Besides Hiddleston and Irons you will recognise Sienna Miller as a single mother of a bastard son of one of the upper class men, who has a fling with Dr. Laing, Luke Evans as Richard Wilder, a frustrated lower class man whose married with Helen (played by Elisabeth Moss mostly known for her role as Peggy Olson in the popular HBO series Mad Men) who is about to give birth to yet another addition to their family and Stacy Martin (Lars von Triers’ Nymphomaniac) as a cashier in the supermarket.
All the dialogue in the film in one way or another is indicative of the class difference (“You’ve built all this?” “Dreamt, conceived, I hardly pulled up my sleeves”) and is often hilariously funny in a subtle -or often less subtle- very British sort of way (“You can’t put him over the edge, he still owes me a game of squash”).
Notable is the use of the famous ABBA song S.O.S. featuring during a fancy dress party (evoking Greenaway’s The Draughtman’s Contract & Kubrick’s Barry Lyndon?) being held in the penthouse -composer Clint Mansell (Requiem for a Dream) had it arranged for strings for the occasion- and later on in a brilliant cover version by Portishead.
Among the films many highlights there’s sequence of a man jumping of the building to his death landing on the bonnet (or hood if you perfer) of a car, a scene that would make Richard Donner -who specialises in these type of ‘drop shots’- jealous.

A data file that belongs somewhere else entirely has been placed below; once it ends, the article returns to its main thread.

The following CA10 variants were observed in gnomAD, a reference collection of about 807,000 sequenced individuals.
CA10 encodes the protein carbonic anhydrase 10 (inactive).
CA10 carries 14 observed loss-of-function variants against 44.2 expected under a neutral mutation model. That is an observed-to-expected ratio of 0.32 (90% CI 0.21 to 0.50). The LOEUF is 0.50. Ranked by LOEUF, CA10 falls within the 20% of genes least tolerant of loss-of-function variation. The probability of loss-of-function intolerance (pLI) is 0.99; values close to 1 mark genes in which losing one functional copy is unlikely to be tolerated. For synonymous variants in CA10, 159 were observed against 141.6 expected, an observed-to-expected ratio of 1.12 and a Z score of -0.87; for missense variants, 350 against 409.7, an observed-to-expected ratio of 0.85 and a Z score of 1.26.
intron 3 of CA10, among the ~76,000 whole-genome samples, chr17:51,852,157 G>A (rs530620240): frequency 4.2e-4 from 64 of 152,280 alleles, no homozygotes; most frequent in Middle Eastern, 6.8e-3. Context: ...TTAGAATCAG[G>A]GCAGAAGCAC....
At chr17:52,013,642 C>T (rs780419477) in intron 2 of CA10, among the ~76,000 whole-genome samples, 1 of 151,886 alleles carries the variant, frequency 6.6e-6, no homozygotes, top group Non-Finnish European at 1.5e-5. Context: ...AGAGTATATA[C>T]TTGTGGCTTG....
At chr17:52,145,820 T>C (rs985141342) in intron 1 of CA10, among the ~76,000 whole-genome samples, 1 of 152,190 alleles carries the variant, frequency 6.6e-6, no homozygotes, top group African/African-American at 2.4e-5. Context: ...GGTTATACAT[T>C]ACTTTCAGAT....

Visually the film peaks with a brilliantly stunning shot that shares us a point of view as seen through a kaleidoscope. I’ve prepared the below montage of potential reference points culminating in the said kaleidoscope shot.
The clip starts of with some shots from Martin Scorsese’s Kundun (1998) in which a young Dalai Lama is peaking through a big looking glass to his subordinates below. When Scorsese cuts to the POV the sequence has some typical Scorsese/Thelma Schoonmaker dissolving along the axis type of editing. There’s a similar shot from Scorsese’s The Age of Innocence (1993) where a character played by Richard E. Grant is looking through some theater binoculars down at the conductor of an orchestra over to a charater arriving in an opposite opera box. Here also Scorsese tries to visually convey the speed of the eye movement by skipping frames combined by dissolves along the axis.